It’s Life Jim, but You Don’t Want to Know It, TOS: S2E22 “By Any Other Name”

The universe is huge, and it is teeming with planets which could potentially harbor life.  True, most of these wouldn’t have hospitable conditions, but given the sheer number of planets in the universe, there should be at least a few with alien life.  The chances we are alone in the universe is incredibly small, but if this is true, where is everybody?  That was the question posed by physicist Enrico Fermi, and it became known as the Fermi Paradox.  There are several proposed solutions to this mystery, one being that extra-terrestrials are probably so advanced and sophisticated that they don’t even notice humans.  These superbeings would probably mine our solar system for resources and not give a second thought to the strange little monkeys living on the third planet.

Intergalactic civilizations, able to control the resources of their entire galaxy, might be motivated by the very expansionist drive that influenced their evolution in the first place.  The Star Trek universe is teeming with life, and most of these had cultural interests so similar to humans that it wasn’t difficult to form a federation.  However, the likelihood that our universe is filled with hostile aliens is a probable solution to our paradox.  Kirk and crew had the pleasure of meeting one such civilization.

The Enterprise responds to a fake distress call meant to lure the ship into a trap set by aliens of the Kelvan Empire. They are the descendants from a multi-generational ship completing their intergalactic mission from the Andromeda Galaxy. Taking human form, the Kelvans aim to conquer planets in the Milkey Way.  The Enterprise crew is impressed with their sophisticated technology.  Considering that Voyager was lost within our own galaxy, and they were prepared to be a multi-generational ship, it would take some extreme scientific advances to navigate the challenges of intergalactic space.  The Kelvan’s, having overcome these challenges, turned their efforts toward expansionism and domination.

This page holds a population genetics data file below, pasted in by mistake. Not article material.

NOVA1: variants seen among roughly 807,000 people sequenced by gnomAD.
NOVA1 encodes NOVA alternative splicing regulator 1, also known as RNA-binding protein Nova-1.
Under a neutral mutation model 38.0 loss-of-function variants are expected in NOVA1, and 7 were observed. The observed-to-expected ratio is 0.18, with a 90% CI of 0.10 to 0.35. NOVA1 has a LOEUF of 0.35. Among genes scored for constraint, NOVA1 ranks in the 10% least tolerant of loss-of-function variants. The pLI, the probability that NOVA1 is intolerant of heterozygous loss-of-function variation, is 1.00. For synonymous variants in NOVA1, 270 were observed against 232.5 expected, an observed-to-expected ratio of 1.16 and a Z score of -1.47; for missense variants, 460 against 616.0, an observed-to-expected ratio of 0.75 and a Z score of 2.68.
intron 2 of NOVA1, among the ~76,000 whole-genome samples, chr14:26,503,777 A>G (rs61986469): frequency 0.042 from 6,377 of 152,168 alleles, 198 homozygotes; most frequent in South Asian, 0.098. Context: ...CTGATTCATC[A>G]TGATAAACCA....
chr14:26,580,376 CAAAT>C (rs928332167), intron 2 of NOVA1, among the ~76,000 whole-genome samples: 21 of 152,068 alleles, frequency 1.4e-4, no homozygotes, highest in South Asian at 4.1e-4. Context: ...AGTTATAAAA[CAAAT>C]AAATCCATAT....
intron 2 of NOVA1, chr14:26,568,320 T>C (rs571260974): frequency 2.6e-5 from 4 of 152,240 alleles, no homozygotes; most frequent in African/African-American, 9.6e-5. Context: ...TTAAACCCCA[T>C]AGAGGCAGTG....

Civilizations require energy, and the more advanced a civilization is, the more energy it demands.  This relates to another method employed in the study of alien civilizations, the Kardashev Scale.  Using this approach, the development of a civilization is measured based on how much energy it controls.  A Type 1 civilization is able to access all of the energy available on its own planet.  Type 2 civilizations can harness the energy of their own stars and planetary systems, Type 3 controls the energy of its galaxy, and Type 4 uses the energy of multiple galaxies.  On this scale, the Kelvans were a Type 4 civilization, or at least they were becoming one.  They possessed such advanced minds that Spock could not sustain a mind meld with them.

To survive the multi-generational journey from Andromeda, the Kelvans are streamlined for efficiency.  They have few sensory abilities, acting as single-minded robots to carry out a centuries-old mission inherited by them.  To invade the Milky Way, the aliens had to take human form, and experience human emotions for the first time.  The Enterprise crew worked together to bombard the aliens with sensory overload.  The crew uses drunkenness, love, jealousy, and irritability to distract the Kelvans.  Kirk even fights their captain, but in the end, reaches him through negotiation.  Kirk convinces the Kelvans that they would slowly become unrecognisable to their own people if they made the 300-year journey back to Andromeda in human form, but it would be far more logical for them to peacefully coexist in the Milky Way as they are.  The alien captain is surprised Kirk would welcome an enemy, and the superior aliens learned wisdom from the humble humans.

It is interesting that a civilization much lower on the Kardashev scale had more advanced views on the logic of conquest.  Star Trek often demonstrates that peaceful solutions are more sustainable than the expansionist drive that seems to be fundamental for intelligent life to compete.  The Fermi Paradox illustrates the incongruence between the sheer probability of life beyond Earth, and the complete absence of it, but if there are aliens out there, maybe we would be better off staying hidden.

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